Researchers at MIT have developed a crazy process called Eulerian Video Magnification that seems like it was pulled straight from a science-fiction movie. It reveals the "subtle changes in the world" that are otherwise imperceptible to the human eye, like an artery pumping in a wrist. Spoiler: kinda gross!
So how does it work? It picks up on the very slight nuances in a video that you can't detect, such as the way a face reddens as blood is pumped through the body. It grabs these visualisations from a video sequence and applies spatial decomposition and temporal filtering to the frames. Then it amplifies the colour so these nuances become amazingly dynamic and easy to see.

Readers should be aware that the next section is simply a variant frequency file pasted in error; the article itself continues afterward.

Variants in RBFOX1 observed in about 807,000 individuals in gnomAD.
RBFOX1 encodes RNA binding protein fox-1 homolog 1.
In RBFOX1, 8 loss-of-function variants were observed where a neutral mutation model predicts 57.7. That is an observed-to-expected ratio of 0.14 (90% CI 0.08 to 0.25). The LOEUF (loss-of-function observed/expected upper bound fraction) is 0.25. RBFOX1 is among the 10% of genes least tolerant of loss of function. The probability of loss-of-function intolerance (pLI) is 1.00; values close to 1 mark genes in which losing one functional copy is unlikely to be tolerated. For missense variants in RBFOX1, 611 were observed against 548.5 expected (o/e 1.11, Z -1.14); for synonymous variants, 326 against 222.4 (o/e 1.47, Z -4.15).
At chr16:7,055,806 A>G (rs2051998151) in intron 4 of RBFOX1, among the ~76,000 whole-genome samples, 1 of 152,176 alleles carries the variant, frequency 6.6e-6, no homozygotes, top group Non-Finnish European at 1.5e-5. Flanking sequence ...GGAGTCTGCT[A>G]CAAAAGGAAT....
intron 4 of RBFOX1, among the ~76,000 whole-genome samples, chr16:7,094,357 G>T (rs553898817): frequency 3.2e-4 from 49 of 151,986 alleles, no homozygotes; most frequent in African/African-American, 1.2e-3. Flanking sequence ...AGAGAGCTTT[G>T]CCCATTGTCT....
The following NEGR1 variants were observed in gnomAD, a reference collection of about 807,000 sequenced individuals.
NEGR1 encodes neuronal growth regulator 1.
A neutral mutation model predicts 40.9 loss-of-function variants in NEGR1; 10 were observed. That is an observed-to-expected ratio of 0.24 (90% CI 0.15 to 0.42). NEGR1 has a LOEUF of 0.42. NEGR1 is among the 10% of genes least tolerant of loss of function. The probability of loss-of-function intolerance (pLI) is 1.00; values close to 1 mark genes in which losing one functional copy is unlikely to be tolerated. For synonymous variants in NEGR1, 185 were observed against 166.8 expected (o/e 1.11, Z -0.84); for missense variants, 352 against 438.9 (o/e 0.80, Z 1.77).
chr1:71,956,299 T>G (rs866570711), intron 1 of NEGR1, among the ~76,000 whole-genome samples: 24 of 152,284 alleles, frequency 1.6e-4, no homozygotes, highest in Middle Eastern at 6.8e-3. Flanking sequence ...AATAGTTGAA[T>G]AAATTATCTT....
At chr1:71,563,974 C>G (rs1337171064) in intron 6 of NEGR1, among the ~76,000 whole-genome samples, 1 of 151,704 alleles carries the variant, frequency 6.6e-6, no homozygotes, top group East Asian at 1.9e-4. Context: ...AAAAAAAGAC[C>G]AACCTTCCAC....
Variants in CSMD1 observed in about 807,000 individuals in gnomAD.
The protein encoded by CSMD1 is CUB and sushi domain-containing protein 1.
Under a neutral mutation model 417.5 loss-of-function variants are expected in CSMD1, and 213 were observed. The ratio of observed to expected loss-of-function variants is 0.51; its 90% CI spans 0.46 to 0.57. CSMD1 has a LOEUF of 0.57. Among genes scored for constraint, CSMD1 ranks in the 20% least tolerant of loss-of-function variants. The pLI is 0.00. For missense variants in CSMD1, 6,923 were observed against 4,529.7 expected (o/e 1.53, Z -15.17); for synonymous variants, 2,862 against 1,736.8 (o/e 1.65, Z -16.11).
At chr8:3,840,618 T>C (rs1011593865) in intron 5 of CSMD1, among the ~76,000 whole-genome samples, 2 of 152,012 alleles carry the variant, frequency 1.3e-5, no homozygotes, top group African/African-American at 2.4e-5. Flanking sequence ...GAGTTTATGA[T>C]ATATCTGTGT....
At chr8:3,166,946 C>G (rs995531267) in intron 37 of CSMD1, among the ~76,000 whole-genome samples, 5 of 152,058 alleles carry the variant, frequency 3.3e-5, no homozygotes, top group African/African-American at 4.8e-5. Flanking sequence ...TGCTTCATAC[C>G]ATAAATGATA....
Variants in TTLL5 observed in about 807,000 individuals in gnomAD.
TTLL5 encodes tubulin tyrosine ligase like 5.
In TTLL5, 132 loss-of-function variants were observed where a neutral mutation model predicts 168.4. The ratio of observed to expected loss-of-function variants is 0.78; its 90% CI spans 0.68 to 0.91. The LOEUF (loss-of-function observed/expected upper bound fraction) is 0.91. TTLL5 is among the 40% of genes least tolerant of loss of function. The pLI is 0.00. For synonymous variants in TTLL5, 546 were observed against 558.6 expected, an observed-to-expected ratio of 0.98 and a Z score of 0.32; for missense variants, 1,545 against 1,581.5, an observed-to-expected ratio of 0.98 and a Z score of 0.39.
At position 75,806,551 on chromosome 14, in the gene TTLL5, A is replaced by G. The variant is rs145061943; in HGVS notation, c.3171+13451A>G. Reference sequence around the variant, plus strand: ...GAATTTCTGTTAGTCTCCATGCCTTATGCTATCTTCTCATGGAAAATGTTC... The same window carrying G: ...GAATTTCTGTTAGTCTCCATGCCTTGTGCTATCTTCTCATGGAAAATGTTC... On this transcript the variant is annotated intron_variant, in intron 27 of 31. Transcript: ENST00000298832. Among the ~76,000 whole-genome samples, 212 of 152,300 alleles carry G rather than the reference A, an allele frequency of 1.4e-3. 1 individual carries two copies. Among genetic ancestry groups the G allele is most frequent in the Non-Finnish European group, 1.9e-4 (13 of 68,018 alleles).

Of course, this X-ray vision-style technique has a lot of possible medical applications -- it can automatically pick up vital signs from standard videos, track the way a baby is breathing, or analyse the way an artery is pulsing. It could perhaps also be used for very close surveillance, which is kind of a scary thought. We might see some of this played out in the near future, because the MIT team said it's planning to release the code soon. [MIT via BuzzFeed]
GIF images: John Herrman/BuzzFeed